Also new to add-ons in Firefox 68: a way to report suspiciously malicious extensions, those that alter settings without permission or fly a false flag by claiming to be something they aren't. In the add-on manager, users can now select "Report" from the same menu where they've long found "Disable" and "Remove."

More enterprise policies

Another area of Firefox 68 that Mozilla emphasized involves group policies for IT managers. Enhancements to policies — and thus the browser's suitability to enterprise use — were linked to the simultaneous release of Firefox ESR (Extended Support Release) 68, the version which stresses stability over sexy new features.

Unlike the standard Firefox, ESR receives only security updates during its tenure. (Prior to this week, the current ESR was based on Firefox 60, which debuted in early May 2018.) Every 14 months, Mozilla replaces the existing ESR with the then-current Firefox, then maintains both the old and new ESR versions during a multi-month overlap. Firefox ESR 60's support overlap with ESR 68 began July 9, when the latter launched, and will end Oct. 22, when that date's security patches will not be provided for the former.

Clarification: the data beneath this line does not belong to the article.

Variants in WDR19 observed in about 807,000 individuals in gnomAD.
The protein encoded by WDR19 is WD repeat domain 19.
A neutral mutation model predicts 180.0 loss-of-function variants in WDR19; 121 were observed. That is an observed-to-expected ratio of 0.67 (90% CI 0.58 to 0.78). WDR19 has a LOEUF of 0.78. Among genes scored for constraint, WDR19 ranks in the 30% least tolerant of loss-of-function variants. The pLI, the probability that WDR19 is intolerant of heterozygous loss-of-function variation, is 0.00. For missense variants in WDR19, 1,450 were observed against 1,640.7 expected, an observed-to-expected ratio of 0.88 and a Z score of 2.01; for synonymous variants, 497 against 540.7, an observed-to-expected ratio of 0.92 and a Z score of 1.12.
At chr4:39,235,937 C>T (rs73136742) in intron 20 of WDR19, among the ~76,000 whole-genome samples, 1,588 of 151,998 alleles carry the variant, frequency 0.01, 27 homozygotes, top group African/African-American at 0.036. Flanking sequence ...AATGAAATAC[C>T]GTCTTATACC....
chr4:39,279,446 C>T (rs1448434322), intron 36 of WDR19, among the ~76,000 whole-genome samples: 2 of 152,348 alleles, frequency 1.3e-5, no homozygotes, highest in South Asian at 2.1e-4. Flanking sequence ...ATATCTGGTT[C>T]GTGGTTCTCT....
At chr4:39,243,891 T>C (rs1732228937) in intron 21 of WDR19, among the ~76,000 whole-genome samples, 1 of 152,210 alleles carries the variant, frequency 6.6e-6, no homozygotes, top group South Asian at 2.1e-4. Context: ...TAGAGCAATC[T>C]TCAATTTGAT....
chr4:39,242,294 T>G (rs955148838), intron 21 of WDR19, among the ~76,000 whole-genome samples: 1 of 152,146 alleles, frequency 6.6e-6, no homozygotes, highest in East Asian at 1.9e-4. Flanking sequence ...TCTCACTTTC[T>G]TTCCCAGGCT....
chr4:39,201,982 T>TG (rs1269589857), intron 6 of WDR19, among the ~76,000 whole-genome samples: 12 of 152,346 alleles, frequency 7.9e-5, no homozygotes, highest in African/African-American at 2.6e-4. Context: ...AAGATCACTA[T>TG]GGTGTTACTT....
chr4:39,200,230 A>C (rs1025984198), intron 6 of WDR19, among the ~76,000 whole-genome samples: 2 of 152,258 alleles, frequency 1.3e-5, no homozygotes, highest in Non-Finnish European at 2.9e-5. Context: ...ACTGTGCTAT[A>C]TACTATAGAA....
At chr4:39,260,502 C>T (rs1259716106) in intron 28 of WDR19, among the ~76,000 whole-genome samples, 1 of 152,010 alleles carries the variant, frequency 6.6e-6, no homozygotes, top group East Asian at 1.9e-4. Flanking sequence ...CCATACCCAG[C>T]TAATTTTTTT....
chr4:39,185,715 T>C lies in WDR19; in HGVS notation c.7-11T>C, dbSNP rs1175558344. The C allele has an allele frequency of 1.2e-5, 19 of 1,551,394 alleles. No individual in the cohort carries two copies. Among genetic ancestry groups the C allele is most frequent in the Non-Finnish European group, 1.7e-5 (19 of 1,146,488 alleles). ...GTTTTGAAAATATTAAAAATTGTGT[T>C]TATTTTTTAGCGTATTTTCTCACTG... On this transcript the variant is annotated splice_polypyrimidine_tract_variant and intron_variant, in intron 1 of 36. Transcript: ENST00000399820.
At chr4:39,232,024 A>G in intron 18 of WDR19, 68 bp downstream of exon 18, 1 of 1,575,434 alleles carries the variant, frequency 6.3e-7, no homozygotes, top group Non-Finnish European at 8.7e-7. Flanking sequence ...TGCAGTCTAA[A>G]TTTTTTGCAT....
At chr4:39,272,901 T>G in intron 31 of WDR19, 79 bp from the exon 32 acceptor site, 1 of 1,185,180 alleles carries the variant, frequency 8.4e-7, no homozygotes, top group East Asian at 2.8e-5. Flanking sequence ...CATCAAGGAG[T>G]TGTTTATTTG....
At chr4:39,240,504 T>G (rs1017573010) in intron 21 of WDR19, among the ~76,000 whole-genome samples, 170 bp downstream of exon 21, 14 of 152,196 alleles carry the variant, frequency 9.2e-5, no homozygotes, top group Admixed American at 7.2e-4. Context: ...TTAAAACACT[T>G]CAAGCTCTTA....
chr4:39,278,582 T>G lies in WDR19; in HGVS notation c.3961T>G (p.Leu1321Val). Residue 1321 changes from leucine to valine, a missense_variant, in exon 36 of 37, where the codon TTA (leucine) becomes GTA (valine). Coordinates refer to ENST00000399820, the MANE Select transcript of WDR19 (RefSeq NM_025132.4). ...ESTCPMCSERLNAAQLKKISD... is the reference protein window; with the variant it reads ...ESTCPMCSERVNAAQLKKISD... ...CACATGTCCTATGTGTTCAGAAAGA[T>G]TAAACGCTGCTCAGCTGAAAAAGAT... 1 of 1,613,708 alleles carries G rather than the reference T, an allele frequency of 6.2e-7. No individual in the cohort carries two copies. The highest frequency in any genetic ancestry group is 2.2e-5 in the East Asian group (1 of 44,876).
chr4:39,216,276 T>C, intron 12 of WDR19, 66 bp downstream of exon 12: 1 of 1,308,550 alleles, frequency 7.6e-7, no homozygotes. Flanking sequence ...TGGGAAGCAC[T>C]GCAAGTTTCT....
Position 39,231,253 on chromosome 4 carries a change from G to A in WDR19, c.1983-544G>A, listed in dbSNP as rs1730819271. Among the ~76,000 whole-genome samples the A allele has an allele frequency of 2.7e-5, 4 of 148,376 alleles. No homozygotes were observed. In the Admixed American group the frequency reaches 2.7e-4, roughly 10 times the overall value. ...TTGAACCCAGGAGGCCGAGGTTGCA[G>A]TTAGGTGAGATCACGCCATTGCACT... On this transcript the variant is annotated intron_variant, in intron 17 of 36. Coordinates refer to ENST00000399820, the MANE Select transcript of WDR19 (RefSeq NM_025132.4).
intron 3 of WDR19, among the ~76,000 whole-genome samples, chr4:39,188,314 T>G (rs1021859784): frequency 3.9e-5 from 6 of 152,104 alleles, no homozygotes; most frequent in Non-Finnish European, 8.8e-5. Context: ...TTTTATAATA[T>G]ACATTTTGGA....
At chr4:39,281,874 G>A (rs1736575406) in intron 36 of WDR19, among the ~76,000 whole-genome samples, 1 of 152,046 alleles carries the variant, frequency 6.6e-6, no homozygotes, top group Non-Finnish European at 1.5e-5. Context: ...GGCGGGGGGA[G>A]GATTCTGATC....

"Today we're adding a number of new enterprise policies for IT leads who want to customize Firefox for their employees," said Mozilla's Wood.

Among the new policies are ones that will allow administrators to remove the new tab page (NewTabPage) — perhaps to replace it with the business's own intranet — and set and lock the downloads destination (DownloadDirectory) to comply with company guidelines of depositing files in the cloud, say.

A list of all policies supported by Firefox is available here, on GitHub; searches using 68 will find those new to this ESR. (The Firefox ESR 68-only policies are also listed at the top of this GitHub page.)

The next version of the browser, Firefox 69, should release Sept. 3.

Credit: Gregg Keizer, Computerworld